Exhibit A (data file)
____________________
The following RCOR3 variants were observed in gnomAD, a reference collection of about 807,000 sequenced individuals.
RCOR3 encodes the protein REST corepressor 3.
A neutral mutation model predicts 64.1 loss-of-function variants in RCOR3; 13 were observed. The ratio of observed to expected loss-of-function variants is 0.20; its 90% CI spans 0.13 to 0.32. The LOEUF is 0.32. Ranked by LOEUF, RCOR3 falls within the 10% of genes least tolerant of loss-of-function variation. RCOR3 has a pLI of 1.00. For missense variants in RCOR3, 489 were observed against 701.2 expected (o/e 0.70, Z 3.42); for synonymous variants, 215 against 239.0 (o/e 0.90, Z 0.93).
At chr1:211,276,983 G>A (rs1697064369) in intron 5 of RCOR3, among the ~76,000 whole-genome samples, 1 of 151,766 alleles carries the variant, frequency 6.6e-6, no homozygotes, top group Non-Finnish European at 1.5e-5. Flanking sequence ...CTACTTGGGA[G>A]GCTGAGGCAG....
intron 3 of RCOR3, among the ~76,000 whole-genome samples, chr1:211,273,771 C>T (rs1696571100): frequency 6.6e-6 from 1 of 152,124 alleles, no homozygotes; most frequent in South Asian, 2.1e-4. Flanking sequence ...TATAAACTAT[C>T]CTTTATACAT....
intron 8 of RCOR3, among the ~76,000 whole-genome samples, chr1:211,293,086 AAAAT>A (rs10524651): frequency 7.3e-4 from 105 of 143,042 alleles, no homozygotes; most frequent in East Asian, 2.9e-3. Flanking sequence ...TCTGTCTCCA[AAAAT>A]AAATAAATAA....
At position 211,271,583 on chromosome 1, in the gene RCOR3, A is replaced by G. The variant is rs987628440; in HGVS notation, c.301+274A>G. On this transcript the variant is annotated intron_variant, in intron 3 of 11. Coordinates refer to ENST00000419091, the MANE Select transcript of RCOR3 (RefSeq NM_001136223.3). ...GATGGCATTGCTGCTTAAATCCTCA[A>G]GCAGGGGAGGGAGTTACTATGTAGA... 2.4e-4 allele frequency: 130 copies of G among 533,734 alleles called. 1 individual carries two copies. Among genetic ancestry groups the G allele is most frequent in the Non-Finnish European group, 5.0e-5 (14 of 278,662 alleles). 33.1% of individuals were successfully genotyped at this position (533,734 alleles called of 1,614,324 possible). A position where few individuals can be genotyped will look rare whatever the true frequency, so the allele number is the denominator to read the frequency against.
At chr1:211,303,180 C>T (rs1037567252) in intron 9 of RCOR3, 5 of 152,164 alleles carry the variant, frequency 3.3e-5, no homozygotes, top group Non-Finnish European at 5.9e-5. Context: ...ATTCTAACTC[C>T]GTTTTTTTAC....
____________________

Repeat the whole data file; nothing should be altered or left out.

The following RCOR3 variants were observed in gnomAD, a reference collection of about 807,000 sequenced individuals.
RCOR3 encodes the protein REST corepressor 3.
A neutral mutation model predicts 64.1 loss-of-function variants in RCOR3; 13 were observed. The ratio of observed to expected loss-of-function variants is 0.20; its 90% CI spans 0.13 to 0.32. The LOEUF is 0.32. Ranked by LOEUF, RCOR3 falls within the 10% of genes least tolerant of loss-of-function variation. RCOR3 has a pLI of 1.00. For missense variants in RCOR3, 489 were observed against 701.2 expected (o/e 0.70, Z 3.42); for synonymous variants, 215 against 239.0 (o/e 0.90, Z 0.93).
At chr1:211,276,983 G>A (rs1697064369) in intron 5 of RCOR3, among the ~76,000 whole-genome samples, 1 of 151,766 alleles carries the variant, frequency 6.6e-6, no homozygotes, top group Non-Finnish European at 1.5e-5. Flanking sequence ...CTACTTGGGA[G>A]GCTGAGGCAG....
intron 3 of RCOR3, among the ~76,000 whole-genome samples, chr1:211,273,771 C>T (rs1696571100): frequency 6.6e-6 from 1 of 152,124 alleles, no homozygotes; most frequent in South Asian, 2.1e-4. Flanking sequence ...TATAAACTAT[C>T]CTTTATACAT....
intron 8 of RCOR3, among the ~76,000 whole-genome samples, chr1:211,293,086 AAAAT>A (rs10524651): frequency 7.3e-4 from 105 of 143,042 alleles, no homozygotes; most frequent in East Asian, 2.9e-3. Flanking sequence ...TCTGTCTCCA[AAAAT>A]AAATAAATAA....
At position 211,271,583 on chromosome 1, in the gene RCOR3, A is replaced by G. The variant is rs987628440; in HGVS notation, c.301+274A>G. On this transcript the variant is annotated intron_variant, in intron 3 of 11. Coordinates refer to ENST00000419091, the MANE Select transcript of RCOR3 (RefSeq NM_001136223.3). ...GATGGCATTGCTGCTTAAATCCTCA[A>G]GCAGGGGAGGGAGTTACTATGTAGA... 2.4e-4 allele frequency: 130 copies of G among 533,734 alleles called. 1 individual carries two copies. Among genetic ancestry groups the G allele is most frequent in the Non-Finnish European group, 5.0e-5 (14 of 278,662 alleles). 33.1% of individuals were successfully genotyped at this position (533,734 alleles called of 1,614,324 possible). A position where few individuals can be genotyped will look rare whatever the true frequency, so the allele number is the denominator to read the frequency against.
At chr1:211,303,180 C>T (rs1037567252) in intron 9 of RCOR3, 5 of 152,164 alleles carry the variant, frequency 3.3e-5, no homozygotes, top group Non-Finnish European at 5.9e-5. Context: ...ATTCTAACTC[C>T]GTTTTTTTAC....